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Be Your Own Lab Rat: Experiment One

Posted on Tue, 11 Aug 2009 01:00:00 -07:00

Be Your Own Lab Rat: Experiment One

Be Your Own Lab Rat: Experiment One

The scientific method can be broken down to four stages:

  1. You observe and describe some phenomena in the environment.
  2. You formulate a hypothesis, or best guess at an explanation based on the information you have.
  3. Based on your hypothesis you make predictions.
  4. Collect more controlled information (data) to test your hypothesis.

    Now, knowing most of us in the Fitness Anywhere community tend to be type A, high intensity workout fiends I have a hypothesis for you to test for yourself. But first here is a little background. I go around the country working with people of all fitness levels. If I show them four or five progression of an exercise they almost always remember the hardest one. And those that cannot perform the highest level of intensity strive to get there. Once most of us get to a higher level of intensity of an exercise or program we hardly ever look back.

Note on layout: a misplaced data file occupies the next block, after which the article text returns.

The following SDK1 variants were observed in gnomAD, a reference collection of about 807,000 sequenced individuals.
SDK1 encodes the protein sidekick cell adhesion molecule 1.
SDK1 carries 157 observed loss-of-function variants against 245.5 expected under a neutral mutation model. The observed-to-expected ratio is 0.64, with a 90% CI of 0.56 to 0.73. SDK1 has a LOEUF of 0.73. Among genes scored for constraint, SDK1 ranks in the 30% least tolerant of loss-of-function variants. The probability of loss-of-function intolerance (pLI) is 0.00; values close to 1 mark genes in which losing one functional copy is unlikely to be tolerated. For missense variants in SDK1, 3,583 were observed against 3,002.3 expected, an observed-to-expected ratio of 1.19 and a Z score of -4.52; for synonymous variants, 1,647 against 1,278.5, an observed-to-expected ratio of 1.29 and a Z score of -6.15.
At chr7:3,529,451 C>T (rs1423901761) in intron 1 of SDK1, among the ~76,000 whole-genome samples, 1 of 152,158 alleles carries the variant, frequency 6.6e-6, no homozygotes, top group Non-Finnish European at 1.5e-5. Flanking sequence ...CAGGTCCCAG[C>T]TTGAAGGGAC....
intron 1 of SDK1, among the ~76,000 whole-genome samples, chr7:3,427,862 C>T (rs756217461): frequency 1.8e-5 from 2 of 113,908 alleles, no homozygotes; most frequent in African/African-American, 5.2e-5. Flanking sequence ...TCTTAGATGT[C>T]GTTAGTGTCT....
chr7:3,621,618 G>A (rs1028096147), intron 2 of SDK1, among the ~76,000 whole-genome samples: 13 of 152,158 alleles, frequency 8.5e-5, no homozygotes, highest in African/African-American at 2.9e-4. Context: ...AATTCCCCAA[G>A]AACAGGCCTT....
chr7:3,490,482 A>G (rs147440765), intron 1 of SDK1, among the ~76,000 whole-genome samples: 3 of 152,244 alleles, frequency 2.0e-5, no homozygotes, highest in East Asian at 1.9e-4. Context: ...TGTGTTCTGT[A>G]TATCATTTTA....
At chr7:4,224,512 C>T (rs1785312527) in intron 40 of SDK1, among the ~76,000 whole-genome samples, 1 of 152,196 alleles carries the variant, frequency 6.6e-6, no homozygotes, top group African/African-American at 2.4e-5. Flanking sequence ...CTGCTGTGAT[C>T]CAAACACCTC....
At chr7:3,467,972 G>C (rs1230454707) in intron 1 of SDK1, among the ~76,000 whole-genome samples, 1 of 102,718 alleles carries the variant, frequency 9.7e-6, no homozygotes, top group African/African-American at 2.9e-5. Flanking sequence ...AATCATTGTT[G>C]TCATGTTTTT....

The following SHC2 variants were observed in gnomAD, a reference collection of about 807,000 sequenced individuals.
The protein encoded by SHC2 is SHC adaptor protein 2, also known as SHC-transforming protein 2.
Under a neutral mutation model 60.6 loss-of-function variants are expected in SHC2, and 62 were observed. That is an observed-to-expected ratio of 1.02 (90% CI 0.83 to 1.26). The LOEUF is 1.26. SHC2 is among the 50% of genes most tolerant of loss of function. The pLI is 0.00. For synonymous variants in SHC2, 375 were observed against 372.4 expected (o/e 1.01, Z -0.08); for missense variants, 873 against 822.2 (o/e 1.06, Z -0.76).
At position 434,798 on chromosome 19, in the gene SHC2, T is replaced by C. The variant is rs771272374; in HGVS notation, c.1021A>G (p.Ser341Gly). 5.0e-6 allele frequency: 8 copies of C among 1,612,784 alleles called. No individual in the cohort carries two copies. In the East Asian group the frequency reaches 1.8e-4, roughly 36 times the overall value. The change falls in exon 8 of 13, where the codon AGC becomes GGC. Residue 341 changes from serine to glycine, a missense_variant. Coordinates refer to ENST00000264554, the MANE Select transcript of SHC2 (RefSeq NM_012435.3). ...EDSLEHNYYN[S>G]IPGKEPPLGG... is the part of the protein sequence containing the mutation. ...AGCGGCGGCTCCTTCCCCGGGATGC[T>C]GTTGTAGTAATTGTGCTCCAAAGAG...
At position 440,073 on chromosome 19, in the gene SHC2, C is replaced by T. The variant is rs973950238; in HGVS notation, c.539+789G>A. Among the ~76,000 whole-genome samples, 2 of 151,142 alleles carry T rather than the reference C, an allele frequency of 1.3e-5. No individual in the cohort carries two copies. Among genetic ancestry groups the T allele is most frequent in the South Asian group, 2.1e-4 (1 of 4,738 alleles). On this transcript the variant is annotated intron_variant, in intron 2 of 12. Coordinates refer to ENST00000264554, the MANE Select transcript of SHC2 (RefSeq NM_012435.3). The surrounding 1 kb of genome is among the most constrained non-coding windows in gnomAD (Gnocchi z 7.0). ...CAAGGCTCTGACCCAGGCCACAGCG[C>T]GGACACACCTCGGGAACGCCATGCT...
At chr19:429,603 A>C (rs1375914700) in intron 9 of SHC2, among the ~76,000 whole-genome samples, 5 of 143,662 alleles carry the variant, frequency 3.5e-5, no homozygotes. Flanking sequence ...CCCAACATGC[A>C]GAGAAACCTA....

So here is the premise of this first installment of Be Your Own Lab Rat. Just because you can perform a certain progression of an exercise don’t be fooled into thinking you always have to be working harder and striving to make it steeper or more unstable. There is a concept in training called periodization which basically means systematic loading and unloading of training variables, traditionally volume (number of reps and sets) and intensity (amount of resistance).

    Here is the experiment. Select one workout every four to five workouts and perform your exercises at a lower progression than usual. For example, if you are used to doing TRX Lunges at a fast tempo or with a hop, do them a little slower, without the hop and really perfect your form. Focus on the quality of the movement and sequencing the body. This will provide an unloading stimulus and an opportunity for perfecting form and motor learning. I often purposely do an entire workout, Ropes and Straps: Bootcamp for example, at the lowest progressions. I still get a great workout and I can perfect my form.

    Try this approach for a couple of weeks and see if your overall performance improves.

    Chris Frankel, Head of Human Performance, TRX Professor

    Before I started working full time at TRX I taught Exercise Science to undergraduate and graduate students. I have always been a gym rat, nick named Willard in college because I spent all my free time (and some class time) in the gym. While there are different levels of scientific investigation all are based on the scientific method.

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